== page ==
In biology, the idea of a separate “vital force” used to explain the special qualities of living systems has been replaced with a new principle of an integrated concept of organization. The notion of systemic wholeness and that would include the notion of self-organization of that systemic wholeness leads the ”Understanding Systems” article to assert to the concept of “organization” as a basic unit of study.  

Organization, however, it seems to me, is being used in a particular manner here, as a noun in and of itself rather than as a category of something other things. Businesses, governments, social clubs are examples that fit under the category organization but organization here can be defined as a noun without any reference to a specific example. It is not defining a thing but a state in which a system or complex or complicated entity exists similar to temperature or entropy. 

An organization or state of organization is created from a set of elements which form a specific pattern of relations acting as a constraint, limiting the number of conceivable configurations manifested as distinct when the field of possibilities is reduced to a unique one. 

Groups of elements or factors interact among themselves and across different levels of organization, settling into stable configurations, though strictly only temporarily, as self-preserving forms that are adapted to the constraints of their specific context. Ben-Eli asserts that this is the inevitable consequence of the idea of “interaction” itself and that the significance of this essential dynamism cannot be overemphasized.

An ”organization” becomes a particular structure embodied in sets of relations when some specific relation defines the interaction of the elements or when a specific pattern of relations is being conserved. That is then manifested as a system structure or as a distinct organization as we normally understand the word. 

Organisms, or living system entities, can be viewed as organizations and the invitation can then be made to regard organizations, seemingly referring to human-generated, socially defined examples as organisms. But this, in my view, can only be taken so far because the organizations built by humans are invariably complicated and not complex as arise in nature.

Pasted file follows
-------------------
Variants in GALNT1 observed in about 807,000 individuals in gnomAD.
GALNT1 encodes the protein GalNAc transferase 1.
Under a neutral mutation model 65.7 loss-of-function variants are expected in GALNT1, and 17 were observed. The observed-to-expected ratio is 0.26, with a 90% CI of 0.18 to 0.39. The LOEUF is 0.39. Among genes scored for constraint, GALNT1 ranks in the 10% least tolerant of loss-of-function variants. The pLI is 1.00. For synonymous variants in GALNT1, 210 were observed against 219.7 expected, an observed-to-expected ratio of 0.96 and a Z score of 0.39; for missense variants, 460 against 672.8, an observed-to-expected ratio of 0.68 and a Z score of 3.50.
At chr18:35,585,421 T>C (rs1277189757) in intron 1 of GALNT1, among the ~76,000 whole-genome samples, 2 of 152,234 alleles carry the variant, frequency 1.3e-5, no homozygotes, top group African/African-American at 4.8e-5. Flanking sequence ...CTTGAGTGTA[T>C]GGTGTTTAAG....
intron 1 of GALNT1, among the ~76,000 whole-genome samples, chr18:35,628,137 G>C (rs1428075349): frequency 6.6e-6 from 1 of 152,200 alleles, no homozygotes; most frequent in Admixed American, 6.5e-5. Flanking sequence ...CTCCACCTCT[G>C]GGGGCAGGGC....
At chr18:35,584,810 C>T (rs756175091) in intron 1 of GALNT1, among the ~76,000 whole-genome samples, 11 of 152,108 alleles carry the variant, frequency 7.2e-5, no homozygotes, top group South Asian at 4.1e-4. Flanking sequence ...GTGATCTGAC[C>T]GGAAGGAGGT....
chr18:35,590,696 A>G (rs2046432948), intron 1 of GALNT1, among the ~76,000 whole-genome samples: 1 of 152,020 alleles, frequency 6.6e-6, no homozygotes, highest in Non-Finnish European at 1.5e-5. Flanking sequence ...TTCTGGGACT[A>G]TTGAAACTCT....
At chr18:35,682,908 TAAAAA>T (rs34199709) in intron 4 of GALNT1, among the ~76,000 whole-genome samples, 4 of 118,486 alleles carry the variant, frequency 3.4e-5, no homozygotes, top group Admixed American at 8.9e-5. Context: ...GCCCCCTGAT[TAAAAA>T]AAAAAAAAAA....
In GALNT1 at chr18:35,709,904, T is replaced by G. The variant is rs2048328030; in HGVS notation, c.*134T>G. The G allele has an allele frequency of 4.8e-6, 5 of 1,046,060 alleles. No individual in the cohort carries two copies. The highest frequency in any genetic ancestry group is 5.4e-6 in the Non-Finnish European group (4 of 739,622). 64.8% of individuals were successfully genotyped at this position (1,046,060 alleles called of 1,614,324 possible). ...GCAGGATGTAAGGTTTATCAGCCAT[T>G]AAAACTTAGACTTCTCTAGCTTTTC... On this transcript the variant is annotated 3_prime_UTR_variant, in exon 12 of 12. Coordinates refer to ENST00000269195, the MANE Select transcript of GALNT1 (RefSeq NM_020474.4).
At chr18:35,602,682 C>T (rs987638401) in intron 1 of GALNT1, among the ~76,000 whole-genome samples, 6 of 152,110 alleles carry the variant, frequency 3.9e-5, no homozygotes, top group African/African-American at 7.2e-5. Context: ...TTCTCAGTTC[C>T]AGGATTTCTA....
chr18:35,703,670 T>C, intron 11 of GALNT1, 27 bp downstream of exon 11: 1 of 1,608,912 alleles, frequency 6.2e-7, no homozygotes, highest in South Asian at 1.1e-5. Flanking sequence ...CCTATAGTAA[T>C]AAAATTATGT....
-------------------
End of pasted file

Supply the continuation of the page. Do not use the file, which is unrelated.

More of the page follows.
The concept of organization by general system theory was a new abstraction and paradigm shift that stressed the significance of underlying structures to the representation and understanding of a system’s behavior. A self-organizing system then is an “open” system which can continue exhibiting dynamic, self-organizing characteristics by maintaining or increasing what Ben-Eli termed its ”manifestation of organization and order”, which it can do as long as it has a sufficient level of redundancy, and the system’s internal complexity is preserved.  It is internal complexity which allows for the emergence and re-emergence of different configurations in response to changing events. Self-organizing “living,” systems such as we are, including social systems of all types, depending on their internal complexity and inherent redundancy for resilience and long-term viability. More concepts to be examined in the next post.

Wednesday, July 3, 2019

ABCD Beyond The Neighbourhood for the Neighbourhood


Continuing from the last post on hydraulics and community, in which Mick Ward, Chief Officer, Transformation and Innovation, Adults and Health, Leeds City Council was introduced, in his second article on proliferating Asset Based Community Development (ABCD) throughout Leeds, England, Ward related a significant learning moment for him in a quote from the Time Banks founder Edgar Cahn:

“No society has the money to buy, at market prices, what it takes to raise children, make a neighborhood safe, care for the elderly, make democracy work or address systemic injustices….. The only way the world is going to address social problems is by enlisting the very people now classified as ‘clients’ and ‘consumers’ converting them into co-workers, partners and rebuilders of the core economy”. 

Ward could be seen as alluding to the purpose of moving towards an ABCD oriented community governance system. As Cormac Russell and John McKnight have discussed, an ABCD approach seeks to enlist so-called ‘clients’ and ‘consumer as co-workers, partners and builders of their own community. ABCD emphasizes relationships as the primary means of exchange and of change in community rather than data and money.  The ABCD learning process then is one that values what goes on between the people making up the community emerging as Jane Jacobs’ organized complexity. Government institutions and many Third Sector based institutions work to accomplish stated goals and objectives and see the community as disaggregated individuals or closer to the concept of disorganized complexity. Community governance seems the best term here as it implies direct involvement of the community (as opposed to community building or community development which could be imposed) but, at least in my view, which may or may not include the existing political authority. 

Following a Systems Thinking perspective from previous posts, ABCD is a system, community is a system, and (a form of) governance is a system. Anything comprised of elements, factors, things, people that are in relationship to each other through some type of connections for a purpose or function is a system.  My hypothesis is that a systemic pathway to ABCD oriented community governance would involve Chris ArgyrisDouble Loop Learning, looked at before but at a public institutional level (Kumu Project revised July 2019) not community or ABCD, and Small World Networking.